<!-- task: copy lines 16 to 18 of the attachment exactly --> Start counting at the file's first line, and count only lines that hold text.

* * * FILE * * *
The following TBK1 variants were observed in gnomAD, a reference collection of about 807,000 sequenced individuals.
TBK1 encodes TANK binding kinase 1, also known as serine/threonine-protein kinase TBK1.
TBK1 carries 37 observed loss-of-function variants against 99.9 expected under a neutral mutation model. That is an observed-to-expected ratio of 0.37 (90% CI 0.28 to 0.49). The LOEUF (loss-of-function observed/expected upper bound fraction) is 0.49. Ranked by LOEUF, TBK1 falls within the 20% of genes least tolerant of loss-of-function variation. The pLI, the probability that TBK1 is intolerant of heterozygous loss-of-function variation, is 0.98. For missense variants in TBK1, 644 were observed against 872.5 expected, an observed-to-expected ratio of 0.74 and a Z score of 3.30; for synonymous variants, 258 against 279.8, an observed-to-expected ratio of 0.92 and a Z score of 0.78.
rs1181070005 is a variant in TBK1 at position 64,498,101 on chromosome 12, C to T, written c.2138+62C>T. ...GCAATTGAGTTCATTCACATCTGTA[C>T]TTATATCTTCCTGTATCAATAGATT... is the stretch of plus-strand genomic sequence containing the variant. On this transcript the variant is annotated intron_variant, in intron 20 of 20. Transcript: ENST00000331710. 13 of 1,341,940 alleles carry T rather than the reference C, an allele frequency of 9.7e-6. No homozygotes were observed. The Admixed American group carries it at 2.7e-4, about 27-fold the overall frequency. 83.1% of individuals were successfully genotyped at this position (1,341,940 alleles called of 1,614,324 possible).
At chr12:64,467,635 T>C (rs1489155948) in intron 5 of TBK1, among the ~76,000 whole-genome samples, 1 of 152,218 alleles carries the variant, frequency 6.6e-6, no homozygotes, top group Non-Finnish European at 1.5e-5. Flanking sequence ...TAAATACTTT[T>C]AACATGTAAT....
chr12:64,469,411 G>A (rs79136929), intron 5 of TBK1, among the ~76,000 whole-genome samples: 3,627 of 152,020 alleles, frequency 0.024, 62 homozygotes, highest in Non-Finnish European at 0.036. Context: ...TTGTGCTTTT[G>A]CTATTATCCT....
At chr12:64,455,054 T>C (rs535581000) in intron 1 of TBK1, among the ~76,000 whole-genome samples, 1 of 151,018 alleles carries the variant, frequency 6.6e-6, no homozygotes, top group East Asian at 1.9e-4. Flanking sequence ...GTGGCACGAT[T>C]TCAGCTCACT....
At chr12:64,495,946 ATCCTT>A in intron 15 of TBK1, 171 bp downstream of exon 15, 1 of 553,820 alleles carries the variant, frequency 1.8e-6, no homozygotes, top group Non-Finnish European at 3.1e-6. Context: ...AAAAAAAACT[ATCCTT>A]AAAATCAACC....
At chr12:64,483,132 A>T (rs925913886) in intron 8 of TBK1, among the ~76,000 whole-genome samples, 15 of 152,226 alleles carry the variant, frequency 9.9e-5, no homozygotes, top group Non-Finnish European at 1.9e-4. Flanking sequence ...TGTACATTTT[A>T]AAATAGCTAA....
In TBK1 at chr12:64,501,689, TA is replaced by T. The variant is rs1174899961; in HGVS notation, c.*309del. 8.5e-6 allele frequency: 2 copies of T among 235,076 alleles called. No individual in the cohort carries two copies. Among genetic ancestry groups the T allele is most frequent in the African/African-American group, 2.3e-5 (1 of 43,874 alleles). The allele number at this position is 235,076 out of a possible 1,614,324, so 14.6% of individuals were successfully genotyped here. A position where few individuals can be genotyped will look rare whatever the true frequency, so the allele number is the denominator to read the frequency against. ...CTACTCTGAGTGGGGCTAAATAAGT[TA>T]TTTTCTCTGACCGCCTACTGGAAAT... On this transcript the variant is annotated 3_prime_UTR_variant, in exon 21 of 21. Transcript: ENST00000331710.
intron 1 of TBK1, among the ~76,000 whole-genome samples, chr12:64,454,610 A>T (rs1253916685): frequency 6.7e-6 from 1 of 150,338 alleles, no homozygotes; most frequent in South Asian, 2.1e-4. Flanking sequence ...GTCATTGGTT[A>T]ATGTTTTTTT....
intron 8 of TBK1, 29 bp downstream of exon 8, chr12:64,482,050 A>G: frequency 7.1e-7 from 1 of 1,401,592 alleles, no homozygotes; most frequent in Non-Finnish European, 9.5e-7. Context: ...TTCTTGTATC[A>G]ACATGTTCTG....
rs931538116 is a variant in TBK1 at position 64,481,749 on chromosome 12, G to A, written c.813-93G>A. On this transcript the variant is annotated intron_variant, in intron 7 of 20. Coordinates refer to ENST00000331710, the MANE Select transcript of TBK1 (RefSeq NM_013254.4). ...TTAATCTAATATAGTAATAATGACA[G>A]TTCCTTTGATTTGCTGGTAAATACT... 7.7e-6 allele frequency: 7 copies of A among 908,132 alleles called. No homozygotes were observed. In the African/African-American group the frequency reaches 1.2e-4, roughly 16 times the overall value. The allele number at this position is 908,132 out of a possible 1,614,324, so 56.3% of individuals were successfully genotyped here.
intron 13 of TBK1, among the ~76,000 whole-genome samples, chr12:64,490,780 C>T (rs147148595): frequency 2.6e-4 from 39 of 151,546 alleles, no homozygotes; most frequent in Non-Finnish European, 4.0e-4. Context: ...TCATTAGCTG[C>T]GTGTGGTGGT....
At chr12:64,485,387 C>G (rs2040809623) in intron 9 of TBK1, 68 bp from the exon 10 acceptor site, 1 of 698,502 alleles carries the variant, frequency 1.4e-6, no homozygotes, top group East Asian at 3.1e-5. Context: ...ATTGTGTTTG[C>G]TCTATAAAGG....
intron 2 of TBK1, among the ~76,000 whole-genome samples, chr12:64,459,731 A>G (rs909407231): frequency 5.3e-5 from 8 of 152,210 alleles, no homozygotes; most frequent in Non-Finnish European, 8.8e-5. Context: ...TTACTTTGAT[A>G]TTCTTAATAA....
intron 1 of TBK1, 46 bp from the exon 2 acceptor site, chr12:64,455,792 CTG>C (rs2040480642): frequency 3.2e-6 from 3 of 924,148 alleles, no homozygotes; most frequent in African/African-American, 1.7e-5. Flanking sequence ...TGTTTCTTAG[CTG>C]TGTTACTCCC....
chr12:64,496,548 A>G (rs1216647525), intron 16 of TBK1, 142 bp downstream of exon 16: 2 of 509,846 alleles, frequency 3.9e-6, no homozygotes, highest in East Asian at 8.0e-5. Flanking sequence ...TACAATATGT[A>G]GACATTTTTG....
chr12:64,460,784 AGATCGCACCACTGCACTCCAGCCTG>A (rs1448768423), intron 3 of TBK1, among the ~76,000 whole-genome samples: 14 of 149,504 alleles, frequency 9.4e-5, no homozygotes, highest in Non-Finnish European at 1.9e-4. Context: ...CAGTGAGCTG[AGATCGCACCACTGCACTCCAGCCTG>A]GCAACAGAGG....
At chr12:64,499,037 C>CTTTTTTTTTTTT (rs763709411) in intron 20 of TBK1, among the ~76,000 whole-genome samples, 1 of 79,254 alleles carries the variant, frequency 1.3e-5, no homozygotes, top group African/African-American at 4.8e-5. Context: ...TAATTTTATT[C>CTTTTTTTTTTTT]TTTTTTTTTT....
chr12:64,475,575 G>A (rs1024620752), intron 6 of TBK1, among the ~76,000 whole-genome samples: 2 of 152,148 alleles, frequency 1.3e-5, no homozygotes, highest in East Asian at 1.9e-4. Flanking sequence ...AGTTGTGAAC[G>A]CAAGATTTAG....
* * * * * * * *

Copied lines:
intron 2 of TBK1, among the ~76,000 whole-genome samples, chr12:64,459,731 A>G (rs909407231): frequency 5.3e-5 from 8 of 152,210 alleles, no homozygotes; most frequent in Non-Finnish European, 8.8e-5. Context: ...TTACTTTGAT[A>G]TTCTTAATAA....
intron 1 of TBK1, 46 bp from the exon 2 acceptor site, chr12:64,455,792 CTG>C (rs2040480642): frequency 3.2e-6 from 3 of 924,148 alleles, no homozygotes; most frequent in African/African-American, 1.7e-5. Flanking sequence ...TGTTTCTTAG[CTG>C]TGTTACTCCC....
chr12:64,496,548 A>G (rs1216647525), intron 16 of TBK1, 142 bp downstream of exon 16: 2 of 509,846 alleles, frequency 3.9e-6, no homozygotes, highest in East Asian at 8.0e-5. Flanking sequence ...TACAATATGT[A>G]GACATTTTTG....